Race the Loser (2012)

Collected Works: Music

 
 

Race the Loser

by Lau
Album

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We hear the wheezing of bellows, a hoarse, even exhalation that loops to form a breathy backing track. This rhythmic respiration is soon joined by the accordion’s rasping voice, the sound serrated like a sawtooth synth wave. The strummed chords of acoustic guitar and violin pulse in syncopation. Then fingers are removed from the strings of the latter, replaced by a horsehair bow. A tune is assembled from foursquare blocks, building to a searching, soaring phrase that seems to survey the land below.

Lau are a folk band keen to dispel accusations that the genre is outdated and stale. Their songs are crammed with complex jazz chord progressions, open song structures, irregular time signatures, and electroacoustic elements. A vibrant, centuries-old tradition not only lives on in their hands, but is developed and played with, taken somewhere new. The trio’s arrangements emphasise the interaction between different group members, the constituent lines laced together with technical virtuosity.

Only three of the album’s compositions feature vocals, with understated delivery matched by a sense of downtrodden restraint. The lyrics speak of financial hardship, industrial decay, and the destruction of the environment. The protagonist of ‘Throwing Pennies’ is aimless and moneyless, betrayed by a society in which gazes are averted as coppers are dropped to the floor: ‘I make do for shelter / See my breath most nights.’ ‘If there’s a net made to catch us,’ he later comments, ‘it’s riddled with holes.’

The album’s other tracks are instrumental fireworks. On ‘Torsa’, slow guitar arpeggios and double-stopped string discords give way to a melody that conjures up the rolling landscape of a Scottish island. In its second half, the piece bursts into an exuberant reel, finding newfound energy for the climb. Race the Loser serves as proof that, despite its old age, folk music is still as fit as a fiddle. The accordion may gasp for air, the singing may sound world-weary, but the ideas are far from exhausted.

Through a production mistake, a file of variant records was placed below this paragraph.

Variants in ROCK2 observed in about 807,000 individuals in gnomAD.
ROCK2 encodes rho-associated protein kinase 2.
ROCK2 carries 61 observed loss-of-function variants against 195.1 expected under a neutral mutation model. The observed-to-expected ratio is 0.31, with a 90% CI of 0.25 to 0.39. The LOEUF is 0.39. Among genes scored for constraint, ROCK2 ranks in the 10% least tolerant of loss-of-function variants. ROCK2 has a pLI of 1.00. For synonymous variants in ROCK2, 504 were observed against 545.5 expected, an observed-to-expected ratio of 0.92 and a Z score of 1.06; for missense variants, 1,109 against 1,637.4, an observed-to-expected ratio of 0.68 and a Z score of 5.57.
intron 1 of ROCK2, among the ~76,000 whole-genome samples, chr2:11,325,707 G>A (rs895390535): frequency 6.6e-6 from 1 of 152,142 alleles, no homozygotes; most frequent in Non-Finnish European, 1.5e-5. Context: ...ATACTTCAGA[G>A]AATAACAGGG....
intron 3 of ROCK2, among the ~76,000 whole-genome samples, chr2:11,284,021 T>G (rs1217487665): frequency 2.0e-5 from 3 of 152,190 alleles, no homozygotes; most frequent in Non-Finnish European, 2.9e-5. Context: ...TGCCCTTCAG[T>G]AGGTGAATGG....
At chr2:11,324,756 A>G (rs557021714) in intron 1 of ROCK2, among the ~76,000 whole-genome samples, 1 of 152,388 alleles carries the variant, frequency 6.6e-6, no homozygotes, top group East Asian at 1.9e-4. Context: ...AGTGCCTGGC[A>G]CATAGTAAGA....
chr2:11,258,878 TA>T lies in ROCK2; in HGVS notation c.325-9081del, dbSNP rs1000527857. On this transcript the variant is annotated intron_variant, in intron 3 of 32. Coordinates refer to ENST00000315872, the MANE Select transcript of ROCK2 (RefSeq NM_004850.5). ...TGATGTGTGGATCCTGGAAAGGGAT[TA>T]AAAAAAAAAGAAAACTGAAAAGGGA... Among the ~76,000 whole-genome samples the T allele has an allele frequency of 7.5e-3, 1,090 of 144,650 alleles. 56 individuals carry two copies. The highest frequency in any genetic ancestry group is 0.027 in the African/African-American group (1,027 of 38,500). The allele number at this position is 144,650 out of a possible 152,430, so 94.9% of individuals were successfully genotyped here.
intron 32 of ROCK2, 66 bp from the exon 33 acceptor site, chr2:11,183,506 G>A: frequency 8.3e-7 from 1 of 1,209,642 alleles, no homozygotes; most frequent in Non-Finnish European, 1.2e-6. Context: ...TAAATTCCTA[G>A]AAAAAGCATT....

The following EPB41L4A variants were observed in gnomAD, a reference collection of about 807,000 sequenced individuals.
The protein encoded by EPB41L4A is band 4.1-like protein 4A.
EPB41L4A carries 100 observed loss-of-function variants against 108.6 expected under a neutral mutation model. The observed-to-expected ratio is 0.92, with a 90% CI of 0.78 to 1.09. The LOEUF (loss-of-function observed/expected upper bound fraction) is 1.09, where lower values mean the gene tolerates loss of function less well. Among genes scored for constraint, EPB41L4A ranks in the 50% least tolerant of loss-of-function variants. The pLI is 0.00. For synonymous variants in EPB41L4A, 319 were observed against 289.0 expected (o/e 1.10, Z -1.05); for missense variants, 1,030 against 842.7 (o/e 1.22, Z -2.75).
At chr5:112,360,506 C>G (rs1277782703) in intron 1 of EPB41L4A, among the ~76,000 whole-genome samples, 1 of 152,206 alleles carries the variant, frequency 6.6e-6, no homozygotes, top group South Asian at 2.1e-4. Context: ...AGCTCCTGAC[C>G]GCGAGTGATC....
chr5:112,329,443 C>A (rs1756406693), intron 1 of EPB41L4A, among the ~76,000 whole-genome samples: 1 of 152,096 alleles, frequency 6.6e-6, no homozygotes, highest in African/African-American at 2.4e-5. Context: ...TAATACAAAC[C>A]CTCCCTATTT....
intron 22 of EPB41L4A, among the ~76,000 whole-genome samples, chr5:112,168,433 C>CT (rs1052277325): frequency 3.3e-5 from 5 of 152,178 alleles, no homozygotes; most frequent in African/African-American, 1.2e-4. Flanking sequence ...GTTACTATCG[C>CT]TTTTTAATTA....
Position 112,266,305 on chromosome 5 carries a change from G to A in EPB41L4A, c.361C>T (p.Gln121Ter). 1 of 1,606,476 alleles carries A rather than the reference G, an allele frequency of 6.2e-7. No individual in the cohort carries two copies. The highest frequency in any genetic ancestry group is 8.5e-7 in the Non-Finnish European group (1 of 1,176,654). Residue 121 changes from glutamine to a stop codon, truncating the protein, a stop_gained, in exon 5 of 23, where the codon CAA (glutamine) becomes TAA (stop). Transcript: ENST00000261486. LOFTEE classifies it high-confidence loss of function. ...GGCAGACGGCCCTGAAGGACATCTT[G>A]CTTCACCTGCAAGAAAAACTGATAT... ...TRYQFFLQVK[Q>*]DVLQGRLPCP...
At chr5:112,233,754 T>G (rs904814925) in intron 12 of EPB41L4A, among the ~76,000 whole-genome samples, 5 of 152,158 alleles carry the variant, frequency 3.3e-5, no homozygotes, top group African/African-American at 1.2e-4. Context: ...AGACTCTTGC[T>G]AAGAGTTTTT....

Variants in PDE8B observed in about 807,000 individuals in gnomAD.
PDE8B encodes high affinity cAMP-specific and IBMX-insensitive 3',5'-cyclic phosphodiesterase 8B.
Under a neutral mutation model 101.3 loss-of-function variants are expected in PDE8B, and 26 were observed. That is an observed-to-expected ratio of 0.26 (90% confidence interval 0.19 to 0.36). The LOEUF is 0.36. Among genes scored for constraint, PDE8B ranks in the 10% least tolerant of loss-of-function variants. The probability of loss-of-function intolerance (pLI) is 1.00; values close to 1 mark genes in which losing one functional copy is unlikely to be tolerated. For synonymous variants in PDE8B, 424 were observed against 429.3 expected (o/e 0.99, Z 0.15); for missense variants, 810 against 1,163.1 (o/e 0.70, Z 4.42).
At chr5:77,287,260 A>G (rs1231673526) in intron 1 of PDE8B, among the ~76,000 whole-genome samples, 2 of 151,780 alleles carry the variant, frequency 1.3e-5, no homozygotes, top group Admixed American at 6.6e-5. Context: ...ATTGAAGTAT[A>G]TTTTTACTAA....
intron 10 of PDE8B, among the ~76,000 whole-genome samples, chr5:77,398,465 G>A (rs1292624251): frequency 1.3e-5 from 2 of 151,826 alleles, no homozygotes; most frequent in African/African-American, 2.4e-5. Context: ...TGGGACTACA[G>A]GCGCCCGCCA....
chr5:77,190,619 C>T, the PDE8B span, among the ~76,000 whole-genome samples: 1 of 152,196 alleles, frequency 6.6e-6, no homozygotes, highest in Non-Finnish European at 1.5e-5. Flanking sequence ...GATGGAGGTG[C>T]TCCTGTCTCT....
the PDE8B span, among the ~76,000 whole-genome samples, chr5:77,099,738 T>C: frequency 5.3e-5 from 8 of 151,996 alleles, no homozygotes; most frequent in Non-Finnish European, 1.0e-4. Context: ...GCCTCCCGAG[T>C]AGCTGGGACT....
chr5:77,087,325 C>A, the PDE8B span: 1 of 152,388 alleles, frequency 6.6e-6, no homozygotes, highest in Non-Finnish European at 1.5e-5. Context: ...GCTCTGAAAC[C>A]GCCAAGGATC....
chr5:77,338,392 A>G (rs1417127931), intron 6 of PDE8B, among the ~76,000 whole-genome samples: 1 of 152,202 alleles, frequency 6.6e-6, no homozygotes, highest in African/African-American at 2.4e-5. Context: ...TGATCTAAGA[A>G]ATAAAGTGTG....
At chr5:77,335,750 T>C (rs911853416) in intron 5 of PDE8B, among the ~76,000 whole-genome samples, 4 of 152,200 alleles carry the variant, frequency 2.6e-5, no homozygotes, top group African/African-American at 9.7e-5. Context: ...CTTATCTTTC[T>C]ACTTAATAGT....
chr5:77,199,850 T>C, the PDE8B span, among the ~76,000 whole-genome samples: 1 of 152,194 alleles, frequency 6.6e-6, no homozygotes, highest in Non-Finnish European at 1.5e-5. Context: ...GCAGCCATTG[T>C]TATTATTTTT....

Words by John Wadsworth


More to discover

You can listen to 'Far from Portland' here, a live version of 'Throwing Pennies' here, and a live version of 'Torsa' here. You can also read an interview with the group by Siobhán Kane for Thumped.


Question of the day

Which folk albums or songs would you recommend?
Let us know on Facebook, Patreon, or Twitter.

‘Goodbye My Darling’ by Sam Lee. He runs the Nest Collective, which is all about getting young people into folk and world music. (→)

– Rachael Ball, cartoonist and author of The Inflatable Woman (via The Brief →)


Also on Silent Frame

Braille

Rule of Three

 
 

Lynn Manning: Comet

by Riva Lehrer
Drawing

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Sketched onto a page in charcoal, a shirtless man holds a cane up to his body. It travels up his torso and towers above his head, ending, split in two, on a separate panel above. A comet stretches this top section out into widescreen, its landscape orientation contrasting with the portrait below. At the comet’s tip is a bullet, representing the shot that blinded Lynn Manning at the age of twenty-three. He grasps the cane as if it is a weapon, while the dark contours of his muscular body stand out against the white paper. Riva Lehrer’s artwork speaks of optimism and strength, returning assuredly to a pivotal moment in her subject’s life.

Words by Sophia Martin-Pavlou


Self Portrait

by Roy Nachum
Interactive art, painting

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Enveloped by darkness, a cluster of hands presses up against the canvas, pushing outwards as if touching glass. With the apparent desire to escape comes a feeling of frenzy, as if the bodies attached to limbs are climbing over each other to get out. But the hands belong only to the artist, who has painted them in repetition. Each is depicted in fine detail, every palm line shown in its own intricacy, comparable to the wrinkles of the face. Standing closer, we can see that they are not applying force, but reaching out to feel subtle markings etched across the work, replacing the initial impression of entrapment with discovery and sensation.

Words by Sophia Martin-Pavlou


All the Light We Cannot See

by Anthony Doerr
Novel